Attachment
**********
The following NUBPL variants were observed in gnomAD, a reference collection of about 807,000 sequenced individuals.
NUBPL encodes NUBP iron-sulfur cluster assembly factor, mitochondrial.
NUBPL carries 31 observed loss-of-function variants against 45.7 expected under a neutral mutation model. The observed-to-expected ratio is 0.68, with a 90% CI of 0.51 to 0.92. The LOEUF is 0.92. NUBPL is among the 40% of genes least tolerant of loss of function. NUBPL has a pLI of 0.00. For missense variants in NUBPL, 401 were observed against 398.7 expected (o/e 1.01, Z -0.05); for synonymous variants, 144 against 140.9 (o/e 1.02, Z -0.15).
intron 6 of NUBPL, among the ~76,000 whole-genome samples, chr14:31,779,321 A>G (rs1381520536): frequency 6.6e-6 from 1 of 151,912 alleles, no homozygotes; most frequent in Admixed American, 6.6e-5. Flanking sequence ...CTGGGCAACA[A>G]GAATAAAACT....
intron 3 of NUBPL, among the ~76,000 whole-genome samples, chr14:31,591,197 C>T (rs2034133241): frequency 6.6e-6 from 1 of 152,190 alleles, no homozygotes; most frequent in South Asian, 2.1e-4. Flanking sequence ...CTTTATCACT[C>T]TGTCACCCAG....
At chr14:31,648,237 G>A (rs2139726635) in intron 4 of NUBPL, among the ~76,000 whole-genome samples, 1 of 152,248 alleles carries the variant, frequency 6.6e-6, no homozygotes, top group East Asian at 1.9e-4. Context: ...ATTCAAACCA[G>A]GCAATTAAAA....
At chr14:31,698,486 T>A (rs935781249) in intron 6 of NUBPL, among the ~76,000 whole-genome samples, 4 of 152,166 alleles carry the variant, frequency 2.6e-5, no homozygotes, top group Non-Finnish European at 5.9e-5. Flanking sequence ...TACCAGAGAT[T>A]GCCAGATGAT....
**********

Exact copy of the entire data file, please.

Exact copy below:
The following NUBPL variants were observed in gnomAD, a reference collection of about 807,000 sequenced individuals.
NUBPL encodes NUBP iron-sulfur cluster assembly factor, mitochondrial.
NUBPL carries 31 observed loss-of-function variants against 45.7 expected under a neutral mutation model. The observed-to-expected ratio is 0.68, with a 90% CI of 0.51 to 0.92. The LOEUF is 0.92. NUBPL is among the 40% of genes least tolerant of loss of function. NUBPL has a pLI of 0.00. For missense variants in NUBPL, 401 were observed against 398.7 expected (o/e 1.01, Z -0.05); for synonymous variants, 144 against 140.9 (o/e 1.02, Z -0.15).
intron 6 of NUBPL, among the ~76,000 whole-genome samples, chr14:31,779,321 A>G (rs1381520536): frequency 6.6e-6 from 1 of 151,912 alleles, no homozygotes; most frequent in Admixed American, 6.6e-5. Flanking sequence ...CTGGGCAACA[A>G]GAATAAAACT....
intron 3 of NUBPL, among the ~76,000 whole-genome samples, chr14:31,591,197 C>T (rs2034133241): frequency 6.6e-6 from 1 of 152,190 alleles, no homozygotes; most frequent in South Asian, 2.1e-4. Flanking sequence ...CTTTATCACT[C>T]TGTCACCCAG....
At chr14:31,648,237 G>A (rs2139726635) in intron 4 of NUBPL, among the ~76,000 whole-genome samples, 1 of 152,248 alleles carries the variant, frequency 6.6e-6, no homozygotes, top group East Asian at 1.9e-4. Context: ...ATTCAAACCA[G>A]GCAATTAAAA....
At chr14:31,698,486 T>A (rs935781249) in intron 6 of NUBPL, among the ~76,000 whole-genome samples, 4 of 152,166 alleles carry the variant, frequency 2.6e-5, no homozygotes, top group Non-Finnish European at 5.9e-5. Flanking sequence ...TACCAGAGAT[T>A]GCCAGATGAT....